The internet of objects (or internet of things, IoT in English) has emerged in the markets in 2015 and 2016. It’s the extension of the network to objects via sensors. Transport, home automation, health or even insurance, many sectors have strong growth potential thanks to this technological innovation. In 2010, the number of mobile devices was estimated at 5 billion with a growth of 20% per year to 30 billion of sensors increasing by 30% a year. Beyond the figures, what is the impact of the IoT on the economy and what is the link with the big data?
Let’s start with a definition: the Internet of objects refers to physical objects connected with their own digital identity and able to communicate with each other. This network creates sort of a bridge between the physical world and the virtual world. From a technical point of view, the IoT consists of direct and standardized digital identification (IP address, SMTP protocol, http…) of a physical object with a wireless communication system which can be a chip RFID, Bluetooth or Wi-Fi.
Sectors with high growth potential
In 2015, 7 billion of connected objects were identified, representing 7 billion of data sources such as geolocation, internet searches and purchases for individuals, energy consumption, traffic and production for companies and public services.
Today, however, only 22% of the data produced is exploitable for the big data, a percentage that would rise to 35% with those produced by the internet of the objects. In total, McKinsey is evaluating the impact of IoT at $ 6.2 trillion in 2025. Nine sectors have been identified by the consulting firm as being the fastest to evolve: Home Automation (automation and home security), automotive (autonomy, maintenance and insurance), the city (public health and transport), external (transport, logistics and navigation), human (sport and health), Construction (optimization of work, safety and health), consumer goods (automation, marketing), factories (management of operations and equipment) and finally the workplace (safety and energy). Prices of mobile devices of first generation (bracelets, watches, thermostats) and sensors are already in sharp decline and widely deployed wifi, all the conditions are right for a massive deployment of IoT in our daily lives. McKinsey predicts a sales curve similar to that of smartphones: in 2010, 170 million had been sold, for more than 1 billion in 2014.
Standardization in progress
The next step is the standardization of the process. OEMs and manufacturers of connected objects began a race to impose their model and thus gain a leading position in the market. In 2015 and 2016, semiconductor manufacturers, hard-ware and software developers as well as network stakeholder came together to propose standards. On the side of industry, AT&T, Cisco, GE, IBM and Intel have formed the Industrial Internet Consortium, and are working on interoperability. This last point will be crucial. Indeed, McKinsey reports the words of Joep van Beurden, Chief Executive at CSR (semiconductors manufacturer) “only 10% of the financial value captured by IoT comes from objects, the remaining 90% being related to how these objects are connected to the internet.”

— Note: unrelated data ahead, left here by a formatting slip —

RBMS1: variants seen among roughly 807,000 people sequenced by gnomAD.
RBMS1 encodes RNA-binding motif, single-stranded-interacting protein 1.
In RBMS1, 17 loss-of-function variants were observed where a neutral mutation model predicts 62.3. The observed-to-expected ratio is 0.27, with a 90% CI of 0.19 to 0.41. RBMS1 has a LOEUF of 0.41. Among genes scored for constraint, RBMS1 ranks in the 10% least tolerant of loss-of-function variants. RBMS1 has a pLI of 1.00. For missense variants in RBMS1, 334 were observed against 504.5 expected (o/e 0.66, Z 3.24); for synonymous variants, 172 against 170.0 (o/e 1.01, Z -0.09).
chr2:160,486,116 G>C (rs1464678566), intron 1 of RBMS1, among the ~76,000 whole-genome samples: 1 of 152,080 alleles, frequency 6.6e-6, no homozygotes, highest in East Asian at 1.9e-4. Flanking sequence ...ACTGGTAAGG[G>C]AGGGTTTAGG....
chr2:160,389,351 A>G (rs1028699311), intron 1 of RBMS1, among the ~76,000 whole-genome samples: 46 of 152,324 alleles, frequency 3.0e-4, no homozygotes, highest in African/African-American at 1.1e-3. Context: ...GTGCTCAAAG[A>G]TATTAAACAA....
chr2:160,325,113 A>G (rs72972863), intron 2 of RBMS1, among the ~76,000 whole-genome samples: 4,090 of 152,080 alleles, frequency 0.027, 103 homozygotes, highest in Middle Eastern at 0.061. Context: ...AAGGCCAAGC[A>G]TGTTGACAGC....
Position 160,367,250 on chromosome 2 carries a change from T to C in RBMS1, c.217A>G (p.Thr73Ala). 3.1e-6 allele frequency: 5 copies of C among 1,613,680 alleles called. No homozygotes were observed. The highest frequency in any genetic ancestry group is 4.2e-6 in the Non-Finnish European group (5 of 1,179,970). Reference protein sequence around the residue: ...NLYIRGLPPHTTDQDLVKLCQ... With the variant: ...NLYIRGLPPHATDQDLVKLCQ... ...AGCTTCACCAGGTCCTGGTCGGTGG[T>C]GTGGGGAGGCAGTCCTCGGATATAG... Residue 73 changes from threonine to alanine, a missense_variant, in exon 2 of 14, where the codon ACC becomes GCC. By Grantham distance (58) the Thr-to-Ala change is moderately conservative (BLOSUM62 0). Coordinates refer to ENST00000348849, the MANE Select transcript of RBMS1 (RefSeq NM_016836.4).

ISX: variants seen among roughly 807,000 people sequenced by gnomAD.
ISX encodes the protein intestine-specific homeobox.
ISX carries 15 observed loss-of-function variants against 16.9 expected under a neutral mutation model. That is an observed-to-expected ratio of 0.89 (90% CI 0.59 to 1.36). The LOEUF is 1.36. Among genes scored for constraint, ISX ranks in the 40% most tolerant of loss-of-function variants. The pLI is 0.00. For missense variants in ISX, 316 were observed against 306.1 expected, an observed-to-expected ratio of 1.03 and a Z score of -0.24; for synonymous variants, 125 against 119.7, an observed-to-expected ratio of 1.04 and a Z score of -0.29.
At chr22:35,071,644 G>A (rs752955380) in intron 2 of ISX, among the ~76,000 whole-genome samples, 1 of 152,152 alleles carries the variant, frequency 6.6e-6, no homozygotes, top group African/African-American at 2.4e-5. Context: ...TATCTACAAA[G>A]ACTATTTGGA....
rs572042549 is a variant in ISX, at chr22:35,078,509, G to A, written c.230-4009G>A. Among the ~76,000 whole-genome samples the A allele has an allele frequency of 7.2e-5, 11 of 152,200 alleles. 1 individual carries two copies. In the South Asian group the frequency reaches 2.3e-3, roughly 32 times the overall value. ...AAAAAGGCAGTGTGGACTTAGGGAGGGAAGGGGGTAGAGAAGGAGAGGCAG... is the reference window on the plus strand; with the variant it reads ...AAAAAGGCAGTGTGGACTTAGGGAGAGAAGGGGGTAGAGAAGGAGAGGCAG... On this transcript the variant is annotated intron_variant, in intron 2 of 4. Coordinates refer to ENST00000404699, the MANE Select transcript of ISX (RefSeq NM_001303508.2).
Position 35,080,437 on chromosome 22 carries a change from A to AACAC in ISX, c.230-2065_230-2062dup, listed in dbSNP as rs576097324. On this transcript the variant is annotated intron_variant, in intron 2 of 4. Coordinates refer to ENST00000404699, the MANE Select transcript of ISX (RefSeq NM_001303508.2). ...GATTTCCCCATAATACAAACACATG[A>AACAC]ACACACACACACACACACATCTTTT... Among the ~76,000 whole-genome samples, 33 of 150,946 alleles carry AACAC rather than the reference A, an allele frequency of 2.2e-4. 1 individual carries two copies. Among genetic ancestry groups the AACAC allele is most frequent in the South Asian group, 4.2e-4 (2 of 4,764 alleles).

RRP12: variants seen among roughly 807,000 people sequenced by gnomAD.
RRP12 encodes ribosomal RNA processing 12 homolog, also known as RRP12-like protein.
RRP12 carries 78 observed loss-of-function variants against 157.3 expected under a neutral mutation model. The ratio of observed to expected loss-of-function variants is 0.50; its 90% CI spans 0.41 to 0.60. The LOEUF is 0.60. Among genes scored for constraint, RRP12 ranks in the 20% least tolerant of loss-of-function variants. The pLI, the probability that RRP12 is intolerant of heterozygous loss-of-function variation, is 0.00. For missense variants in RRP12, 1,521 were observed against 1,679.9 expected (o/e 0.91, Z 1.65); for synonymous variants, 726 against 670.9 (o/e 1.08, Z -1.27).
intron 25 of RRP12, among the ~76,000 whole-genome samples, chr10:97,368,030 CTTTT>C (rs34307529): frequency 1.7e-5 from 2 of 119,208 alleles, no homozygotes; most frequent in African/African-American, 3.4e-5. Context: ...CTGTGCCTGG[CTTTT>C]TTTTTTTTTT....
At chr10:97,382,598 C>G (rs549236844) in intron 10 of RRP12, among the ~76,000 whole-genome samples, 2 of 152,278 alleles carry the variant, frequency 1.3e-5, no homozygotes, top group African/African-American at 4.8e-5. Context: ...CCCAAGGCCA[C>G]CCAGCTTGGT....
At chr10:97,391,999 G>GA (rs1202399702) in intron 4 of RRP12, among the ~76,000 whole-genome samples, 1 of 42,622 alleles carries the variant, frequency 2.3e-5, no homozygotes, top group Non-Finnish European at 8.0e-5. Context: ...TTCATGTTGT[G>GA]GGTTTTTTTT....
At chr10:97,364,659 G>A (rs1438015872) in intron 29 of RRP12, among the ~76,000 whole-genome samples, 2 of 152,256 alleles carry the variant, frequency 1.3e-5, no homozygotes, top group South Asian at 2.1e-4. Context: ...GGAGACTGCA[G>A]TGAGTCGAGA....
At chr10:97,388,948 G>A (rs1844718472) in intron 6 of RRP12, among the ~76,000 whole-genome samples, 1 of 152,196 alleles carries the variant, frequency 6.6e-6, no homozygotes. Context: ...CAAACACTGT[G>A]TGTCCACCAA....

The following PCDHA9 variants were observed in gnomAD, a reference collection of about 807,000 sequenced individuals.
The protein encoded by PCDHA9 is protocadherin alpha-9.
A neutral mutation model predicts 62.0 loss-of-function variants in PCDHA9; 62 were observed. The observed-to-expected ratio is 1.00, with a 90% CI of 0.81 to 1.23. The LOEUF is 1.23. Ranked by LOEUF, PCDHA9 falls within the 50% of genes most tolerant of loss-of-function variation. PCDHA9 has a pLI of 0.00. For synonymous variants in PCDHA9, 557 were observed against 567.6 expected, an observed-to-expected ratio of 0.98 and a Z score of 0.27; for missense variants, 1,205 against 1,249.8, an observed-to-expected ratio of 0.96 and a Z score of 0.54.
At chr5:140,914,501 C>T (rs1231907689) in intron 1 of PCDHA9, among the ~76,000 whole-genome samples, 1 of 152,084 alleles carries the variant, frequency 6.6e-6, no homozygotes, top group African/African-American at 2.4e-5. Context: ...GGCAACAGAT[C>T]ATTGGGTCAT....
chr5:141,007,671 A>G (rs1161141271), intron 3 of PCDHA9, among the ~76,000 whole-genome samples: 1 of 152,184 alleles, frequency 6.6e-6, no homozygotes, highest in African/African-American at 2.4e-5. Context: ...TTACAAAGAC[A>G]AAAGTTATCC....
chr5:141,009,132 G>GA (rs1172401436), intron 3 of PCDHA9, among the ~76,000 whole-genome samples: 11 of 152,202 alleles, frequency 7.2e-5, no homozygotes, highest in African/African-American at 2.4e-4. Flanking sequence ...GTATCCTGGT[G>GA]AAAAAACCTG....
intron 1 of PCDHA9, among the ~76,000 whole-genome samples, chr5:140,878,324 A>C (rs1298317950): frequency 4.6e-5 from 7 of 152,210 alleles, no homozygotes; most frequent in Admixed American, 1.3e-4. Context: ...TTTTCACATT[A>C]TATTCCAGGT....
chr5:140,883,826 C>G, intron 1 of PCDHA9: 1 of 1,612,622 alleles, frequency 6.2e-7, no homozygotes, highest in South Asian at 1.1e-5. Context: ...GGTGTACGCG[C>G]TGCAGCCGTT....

What is happening in France? By Grégory Labrousse
France is not left behind in the field of IoT: it is home to many innovative start-ups that develop useful solutions on a daily basis. (…) Sen.se thus offers a family of intelligent sensors that adapt to your desires: protect your home, be stimulated to do more exercise, sleep better, measure the temperature everywhere, do not forget its medicines. (…) By collecting and processing the data resulting from the use of its sensors, the company will refine its offer. (…) Ubiant has developed Hemis, a solution dedicated to the management of fluids by smart grid: electricity, gas, renewable energies. Its users can exchange and compare their consumption. Hemis can also make prediction with the recorded data.
Citizen Science specializes in the development of connected textiles, enabling us to collect data on the person wearing it: Temperature, heart rate, speed, geolocation. It is aimed primarily at the amateur and professional sports market. (…) Local specificity, the CNIL contributes actively to the process definition as to the storage and use of data from the IoT to find the balance between efficiency and respect for privacy. The first projects concern
connected meters and the automotive industry. Which reassure French consumers in their future purchases.
Learn more about nam.R and Grégory Labrousse, follow them!